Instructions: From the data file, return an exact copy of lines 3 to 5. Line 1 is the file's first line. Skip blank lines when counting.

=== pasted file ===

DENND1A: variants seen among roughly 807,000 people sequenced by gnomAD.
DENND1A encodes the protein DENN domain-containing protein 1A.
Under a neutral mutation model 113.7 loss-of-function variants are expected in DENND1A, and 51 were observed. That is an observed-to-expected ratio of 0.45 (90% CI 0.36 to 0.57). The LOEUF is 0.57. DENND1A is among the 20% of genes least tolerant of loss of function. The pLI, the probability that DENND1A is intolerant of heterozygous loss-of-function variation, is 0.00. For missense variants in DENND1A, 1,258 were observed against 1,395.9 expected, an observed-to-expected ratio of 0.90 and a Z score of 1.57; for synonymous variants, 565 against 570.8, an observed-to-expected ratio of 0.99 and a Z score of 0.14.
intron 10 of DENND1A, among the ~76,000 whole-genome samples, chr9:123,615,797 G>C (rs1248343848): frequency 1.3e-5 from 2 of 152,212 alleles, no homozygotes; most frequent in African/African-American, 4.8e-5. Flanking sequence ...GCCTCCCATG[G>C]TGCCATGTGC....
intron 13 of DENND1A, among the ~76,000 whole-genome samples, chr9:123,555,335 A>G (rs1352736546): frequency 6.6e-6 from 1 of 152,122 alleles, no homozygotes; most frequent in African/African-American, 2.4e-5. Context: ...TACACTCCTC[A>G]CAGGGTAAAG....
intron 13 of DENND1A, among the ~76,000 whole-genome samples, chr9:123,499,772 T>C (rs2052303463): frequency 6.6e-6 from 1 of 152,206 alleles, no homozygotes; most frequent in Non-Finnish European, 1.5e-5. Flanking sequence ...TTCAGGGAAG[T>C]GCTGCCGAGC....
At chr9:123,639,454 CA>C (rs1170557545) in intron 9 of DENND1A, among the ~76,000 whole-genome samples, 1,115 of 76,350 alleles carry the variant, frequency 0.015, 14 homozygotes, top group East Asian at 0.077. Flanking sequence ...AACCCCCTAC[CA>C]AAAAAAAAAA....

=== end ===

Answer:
Under a neutral mutation model 113.7 loss-of-function variants are expected in DENND1A, and 51 were observed. That is an observed-to-expected ratio of 0.45 (90% CI 0.36 to 0.57). The LOEUF is 0.57. DENND1A is among the 20% of genes least tolerant of loss of function. The pLI, the probability that DENND1A is intolerant of heterozygous loss-of-function variation, is 0.00. For missense variants in DENND1A, 1,258 were observed against 1,395.9 expected, an observed-to-expected ratio of 0.90 and a Z score of 1.57; for synonymous variants, 565 against 570.8, an observed-to-expected ratio of 0.99 and a Z score of 0.14.
intron 10 of DENND1A, among the ~76,000 whole-genome samples, chr9:123,615,797 G>C (rs1248343848): frequency 1.3e-5 from 2 of 152,212 alleles, no homozygotes; most frequent in African/African-American, 4.8e-5. Flanking sequence ...GCCTCCCATG[G>C]TGCCATGTGC....
intron 13 of DENND1A, among the ~76,000 whole-genome samples, chr9:123,555,335 A>G (rs1352736546): frequency 6.6e-6 from 1 of 152,122 alleles, no homozygotes; most frequent in African/African-American, 2.4e-5. Context: ...TACACTCCTC[A>G]CAGGGTAAAG....